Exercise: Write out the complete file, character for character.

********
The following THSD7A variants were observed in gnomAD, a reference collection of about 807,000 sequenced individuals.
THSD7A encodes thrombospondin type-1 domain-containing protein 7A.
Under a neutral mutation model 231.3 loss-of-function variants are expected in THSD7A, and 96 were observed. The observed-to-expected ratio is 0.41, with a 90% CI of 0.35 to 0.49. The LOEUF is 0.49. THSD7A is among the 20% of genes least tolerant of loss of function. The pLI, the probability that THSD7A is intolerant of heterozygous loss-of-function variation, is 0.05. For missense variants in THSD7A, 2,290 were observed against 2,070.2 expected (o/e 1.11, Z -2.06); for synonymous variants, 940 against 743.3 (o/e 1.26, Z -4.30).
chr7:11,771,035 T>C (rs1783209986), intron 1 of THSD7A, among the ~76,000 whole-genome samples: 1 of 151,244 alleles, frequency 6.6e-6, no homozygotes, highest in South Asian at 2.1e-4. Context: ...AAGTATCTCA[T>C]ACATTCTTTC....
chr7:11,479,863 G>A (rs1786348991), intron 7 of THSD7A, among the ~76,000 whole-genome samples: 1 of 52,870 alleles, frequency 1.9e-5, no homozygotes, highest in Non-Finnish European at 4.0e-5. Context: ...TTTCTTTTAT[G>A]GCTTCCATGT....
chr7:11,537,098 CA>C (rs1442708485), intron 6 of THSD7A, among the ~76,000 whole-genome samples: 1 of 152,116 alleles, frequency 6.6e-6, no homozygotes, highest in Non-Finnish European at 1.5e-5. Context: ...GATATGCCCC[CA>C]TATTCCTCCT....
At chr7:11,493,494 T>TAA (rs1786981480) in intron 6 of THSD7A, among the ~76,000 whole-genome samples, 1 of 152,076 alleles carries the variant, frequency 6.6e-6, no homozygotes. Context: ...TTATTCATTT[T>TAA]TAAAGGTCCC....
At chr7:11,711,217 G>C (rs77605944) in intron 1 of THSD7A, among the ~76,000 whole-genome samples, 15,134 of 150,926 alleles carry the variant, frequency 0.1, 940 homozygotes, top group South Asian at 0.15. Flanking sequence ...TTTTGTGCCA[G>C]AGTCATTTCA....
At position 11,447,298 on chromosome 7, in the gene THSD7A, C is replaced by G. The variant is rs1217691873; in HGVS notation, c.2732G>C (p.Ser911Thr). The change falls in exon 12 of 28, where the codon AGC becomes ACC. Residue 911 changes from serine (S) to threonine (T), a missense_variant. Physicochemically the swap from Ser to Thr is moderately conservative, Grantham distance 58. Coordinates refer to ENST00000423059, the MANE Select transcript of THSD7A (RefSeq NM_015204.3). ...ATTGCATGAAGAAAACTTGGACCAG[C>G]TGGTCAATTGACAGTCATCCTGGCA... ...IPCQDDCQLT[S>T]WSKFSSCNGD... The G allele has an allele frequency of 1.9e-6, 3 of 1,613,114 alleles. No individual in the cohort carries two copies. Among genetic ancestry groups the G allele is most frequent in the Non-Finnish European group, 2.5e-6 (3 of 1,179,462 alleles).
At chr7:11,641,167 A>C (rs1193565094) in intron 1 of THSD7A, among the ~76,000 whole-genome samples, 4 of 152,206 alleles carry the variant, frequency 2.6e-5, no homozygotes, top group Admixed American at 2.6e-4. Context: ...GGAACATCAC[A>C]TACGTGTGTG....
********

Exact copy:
The following THSD7A variants were observed in gnomAD, a reference collection of about 807,000 sequenced individuals.
THSD7A encodes thrombospondin type-1 domain-containing protein 7A.
Under a neutral mutation model 231.3 loss-of-function variants are expected in THSD7A, and 96 were observed. The observed-to-expected ratio is 0.41, with a 90% CI of 0.35 to 0.49. The LOEUF is 0.49. THSD7A is among the 20% of genes least tolerant of loss of function. The pLI, the probability that THSD7A is intolerant of heterozygous loss-of-function variation, is 0.05. For missense variants in THSD7A, 2,290 were observed against 2,070.2 expected (o/e 1.11, Z -2.06); for synonymous variants, 940 against 743.3 (o/e 1.26, Z -4.30).
chr7:11,771,035 T>C (rs1783209986), intron 1 of THSD7A, among the ~76,000 whole-genome samples: 1 of 151,244 alleles, frequency 6.6e-6, no homozygotes, highest in South Asian at 2.1e-4. Context: ...AAGTATCTCA[T>C]ACATTCTTTC....
chr7:11,479,863 G>A (rs1786348991), intron 7 of THSD7A, among the ~76,000 whole-genome samples: 1 of 52,870 alleles, frequency 1.9e-5, no homozygotes, highest in Non-Finnish European at 4.0e-5. Context: ...TTTCTTTTAT[G>A]GCTTCCATGT....
chr7:11,537,098 CA>C (rs1442708485), intron 6 of THSD7A, among the ~76,000 whole-genome samples: 1 of 152,116 alleles, frequency 6.6e-6, no homozygotes, highest in Non-Finnish European at 1.5e-5. Context: ...GATATGCCCC[CA>C]TATTCCTCCT....
At chr7:11,493,494 T>TAA (rs1786981480) in intron 6 of THSD7A, among the ~76,000 whole-genome samples, 1 of 152,076 alleles carries the variant, frequency 6.6e-6, no homozygotes. Context: ...TTATTCATTT[T>TAA]TAAAGGTCCC....
At chr7:11,711,217 G>C (rs77605944) in intron 1 of THSD7A, among the ~76,000 whole-genome samples, 15,134 of 150,926 alleles carry the variant, frequency 0.1, 940 homozygotes, top group South Asian at 0.15. Flanking sequence ...TTTTGTGCCA[G>C]AGTCATTTCA....
At position 11,447,298 on chromosome 7, in the gene THSD7A, C is replaced by G. The variant is rs1217691873; in HGVS notation, c.2732G>C (p.Ser911Thr). The change falls in exon 12 of 28, where the codon AGC becomes ACC. Residue 911 changes from serine (S) to threonine (T), a missense_variant. Physicochemically the swap from Ser to Thr is moderately conservative, Grantham distance 58. Coordinates refer to ENST00000423059, the MANE Select transcript of THSD7A (RefSeq NM_015204.3). ...ATTGCATGAAGAAAACTTGGACCAG[C>G]TGGTCAATTGACAGTCATCCTGGCA... ...IPCQDDCQLT[S>T]WSKFSSCNGD... The G allele has an allele frequency of 1.9e-6, 3 of 1,613,114 alleles. No individual in the cohort carries two copies. Among genetic ancestry groups the G allele is most frequent in the Non-Finnish European group, 2.5e-6 (3 of 1,179,462 alleles).
At chr7:11,641,167 A>C (rs1193565094) in intron 1 of THSD7A, among the ~76,000 whole-genome samples, 4 of 152,206 alleles carry the variant, frequency 2.6e-5, no homozygotes, top group Admixed American at 2.6e-4. Context: ...GGAACATCAC[A>C]TACGTGTGTG....